Further dissection of "Harvest" proves that this faceless settler emphasizes an essential substitution factor. To elaborate, by leaving his own identity ambiguous, others are driven to relate to Sierra's subject and substitute the man with ideas of "self." In this way, the individual in the situation can easily be transformed into the onlooker; those who can resonate with the struggle picture themselves waltzing through the scene in Sierra's same steps. Just as Sierra states in a feature on Escape Into Life, "'Art is of great help to the immigrant, allowing him to transform the chaos of his life into a positive vision'" ("Artistic Statement"). This designation explains why I subconsciously attached my own memories to the sight of Sierra's shimmering hues. Except after gaining knowledge of Sierra's purpose, all I can do now is think of the true audience these raw shades speak to: immigrants.
Now, I am reminded of my best friend. My ears ring with the murmurs of her escape from her home country as my eyes bleed crimson with the clutter of Sierra's flames. She often expresses to me the detriments she experienced while immigrating to the United States. Her older sibling and mother refused to learn English, resulting in academic and societal failure, leaving her, the youngest, to take over as the family leader. To draw a similar parallel, often times, immigrants and refugees believe all aspects of life will improve on the other side of the border. Yet, the challenges posed in finding work and opportunity, battling discrimination, trying to raise an "acceptable," cookie-cutter, white-picket-fence family, overcoming language and cultural barriers—all can be visualized as the flames waiting on the other side.
These same fiery flecks of paint are the first ones that my best friend's eyes grazed as I asked her to analyze Sierra's argument. From her point of view, she noted the choppy, rapid brush strokes that compose the sea of sparks before anything else. The shape, direction, and length of the lines suggest violent movement. Similarly, not only is the scene portrayed as moving, but the audience's surrounding ambiance mimics this phenomenon as well. To create this affect, Sierra shatters the fourth-wall perspective and accomplishes a sense of frantic disorganization, all by tilting the orientation. In doing so, he is pushing all aspects of the painting into the audience's backyard. The perspective is not centered, but rather shifted to the left in order to simulate the onlooker's own path of walking towards the burning. Such an altered perspective is implemented in order to directly oppose the energy radiating from the bodily figure that represents young Sierra. Subsequently, that is what my friend had noticed next. The following component that her sight travelled to was the man ignoring the fuming disaster before him. Sierra's decision to leave "himself" without expression, portrays a person void of emotion. With a lack of emotion comes indifference and the aura of certainness. For, like my friend, regardless of what lies beyond, or any inner emotions, the man knows he must face calamity out of the need to move forward.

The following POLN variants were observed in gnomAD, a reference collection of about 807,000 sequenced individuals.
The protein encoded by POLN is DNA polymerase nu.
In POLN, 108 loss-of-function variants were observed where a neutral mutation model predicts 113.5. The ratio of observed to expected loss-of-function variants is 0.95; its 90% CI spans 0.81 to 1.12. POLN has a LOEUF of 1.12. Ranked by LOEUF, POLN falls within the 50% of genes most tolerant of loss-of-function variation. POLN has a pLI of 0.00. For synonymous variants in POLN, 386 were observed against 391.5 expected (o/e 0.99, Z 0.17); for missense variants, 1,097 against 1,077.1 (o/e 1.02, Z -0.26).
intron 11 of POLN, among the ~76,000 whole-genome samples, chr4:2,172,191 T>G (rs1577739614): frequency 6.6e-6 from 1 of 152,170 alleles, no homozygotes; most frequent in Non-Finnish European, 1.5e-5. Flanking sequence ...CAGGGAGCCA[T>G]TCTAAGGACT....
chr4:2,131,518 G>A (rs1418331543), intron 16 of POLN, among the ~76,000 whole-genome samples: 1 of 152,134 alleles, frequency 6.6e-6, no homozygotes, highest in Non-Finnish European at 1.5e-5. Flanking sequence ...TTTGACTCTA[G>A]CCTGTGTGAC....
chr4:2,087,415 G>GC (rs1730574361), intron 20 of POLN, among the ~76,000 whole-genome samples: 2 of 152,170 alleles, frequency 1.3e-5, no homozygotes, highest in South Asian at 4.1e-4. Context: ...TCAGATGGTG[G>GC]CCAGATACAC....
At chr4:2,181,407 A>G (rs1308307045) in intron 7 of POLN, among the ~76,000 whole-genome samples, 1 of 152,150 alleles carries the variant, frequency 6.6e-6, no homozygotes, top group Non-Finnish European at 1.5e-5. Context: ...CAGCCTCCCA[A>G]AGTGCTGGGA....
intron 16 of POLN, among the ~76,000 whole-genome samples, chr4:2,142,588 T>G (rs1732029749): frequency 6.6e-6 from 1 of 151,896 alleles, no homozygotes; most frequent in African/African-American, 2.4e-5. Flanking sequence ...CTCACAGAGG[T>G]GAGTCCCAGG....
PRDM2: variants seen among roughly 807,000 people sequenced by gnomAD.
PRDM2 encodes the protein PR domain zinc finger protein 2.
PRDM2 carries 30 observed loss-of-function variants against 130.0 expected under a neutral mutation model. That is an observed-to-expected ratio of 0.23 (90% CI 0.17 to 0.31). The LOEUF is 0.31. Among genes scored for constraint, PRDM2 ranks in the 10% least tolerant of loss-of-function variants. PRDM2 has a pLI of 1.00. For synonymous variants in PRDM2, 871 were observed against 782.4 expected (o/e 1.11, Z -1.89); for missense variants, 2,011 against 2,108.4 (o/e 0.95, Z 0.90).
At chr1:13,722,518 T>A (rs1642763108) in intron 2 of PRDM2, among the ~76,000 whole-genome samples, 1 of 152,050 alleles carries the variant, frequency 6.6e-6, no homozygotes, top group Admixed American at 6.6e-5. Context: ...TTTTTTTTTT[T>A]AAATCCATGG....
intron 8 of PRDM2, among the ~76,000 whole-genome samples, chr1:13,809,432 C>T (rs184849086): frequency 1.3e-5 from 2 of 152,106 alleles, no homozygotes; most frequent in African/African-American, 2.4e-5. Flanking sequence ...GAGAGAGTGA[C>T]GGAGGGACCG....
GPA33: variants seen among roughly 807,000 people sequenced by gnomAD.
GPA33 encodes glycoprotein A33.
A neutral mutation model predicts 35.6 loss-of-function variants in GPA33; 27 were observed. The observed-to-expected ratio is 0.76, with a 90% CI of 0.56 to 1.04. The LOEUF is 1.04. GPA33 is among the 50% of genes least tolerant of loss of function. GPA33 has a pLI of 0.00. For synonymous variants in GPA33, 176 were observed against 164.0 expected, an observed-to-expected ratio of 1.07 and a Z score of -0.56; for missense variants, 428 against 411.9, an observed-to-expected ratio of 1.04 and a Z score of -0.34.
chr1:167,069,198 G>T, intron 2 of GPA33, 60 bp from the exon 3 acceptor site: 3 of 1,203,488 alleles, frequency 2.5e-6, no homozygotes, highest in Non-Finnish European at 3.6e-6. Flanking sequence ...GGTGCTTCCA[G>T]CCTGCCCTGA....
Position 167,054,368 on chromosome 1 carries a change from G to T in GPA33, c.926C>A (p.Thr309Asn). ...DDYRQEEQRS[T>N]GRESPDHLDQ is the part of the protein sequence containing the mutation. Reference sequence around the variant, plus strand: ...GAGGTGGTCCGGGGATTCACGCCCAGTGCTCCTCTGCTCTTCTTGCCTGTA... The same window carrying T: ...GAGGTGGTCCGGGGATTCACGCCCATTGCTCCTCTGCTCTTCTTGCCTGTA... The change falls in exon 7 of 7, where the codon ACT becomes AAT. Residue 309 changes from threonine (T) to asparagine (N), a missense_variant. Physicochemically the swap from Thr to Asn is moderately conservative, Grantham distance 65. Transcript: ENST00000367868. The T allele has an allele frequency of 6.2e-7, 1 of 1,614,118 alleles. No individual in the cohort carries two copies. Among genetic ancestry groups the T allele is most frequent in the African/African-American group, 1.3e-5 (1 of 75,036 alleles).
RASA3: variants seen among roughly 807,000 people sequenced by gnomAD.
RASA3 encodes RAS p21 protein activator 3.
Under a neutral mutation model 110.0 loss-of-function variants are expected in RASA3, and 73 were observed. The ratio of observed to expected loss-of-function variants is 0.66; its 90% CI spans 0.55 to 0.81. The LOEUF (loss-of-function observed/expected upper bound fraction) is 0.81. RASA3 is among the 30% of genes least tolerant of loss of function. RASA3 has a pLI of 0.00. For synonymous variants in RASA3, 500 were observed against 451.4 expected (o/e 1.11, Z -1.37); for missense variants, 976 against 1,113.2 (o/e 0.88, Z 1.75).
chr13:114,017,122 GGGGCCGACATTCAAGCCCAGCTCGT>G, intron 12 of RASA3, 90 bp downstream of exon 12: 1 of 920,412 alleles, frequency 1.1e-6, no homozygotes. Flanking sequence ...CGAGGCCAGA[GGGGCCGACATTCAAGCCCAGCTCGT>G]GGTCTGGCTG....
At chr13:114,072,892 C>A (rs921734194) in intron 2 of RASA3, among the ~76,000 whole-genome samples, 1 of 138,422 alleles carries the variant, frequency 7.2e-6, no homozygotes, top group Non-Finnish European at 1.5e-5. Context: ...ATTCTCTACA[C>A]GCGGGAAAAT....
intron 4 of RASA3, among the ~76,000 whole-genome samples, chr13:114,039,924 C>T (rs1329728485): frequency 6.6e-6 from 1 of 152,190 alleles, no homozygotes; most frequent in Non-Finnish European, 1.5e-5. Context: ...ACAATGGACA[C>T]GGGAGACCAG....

To emphasize, after incorporating my friend's point of view, and knowledge of Sierra's troublesome childhood, my perception of the artwork before me was completely altered. I once depicted nothingness in the lines of Paul Sierra's "Harvest" and traced the painting's purpose to one strictly fueled by aesthetic. Despite this, my ignorance is now overwhelmed with evidence of the layered, complex concept of immigration. This message introduces the societal and cultural argument that the flee to a better life does not always pose as the "greener grass on the other side." In order to represent this, Sierra combines the artistic methods of perspective, color, and plays with aspects of identity to formulate the paradox of serenity amongst calamity. It is as if he is asking the audience out of necessity, would you keep walking forward?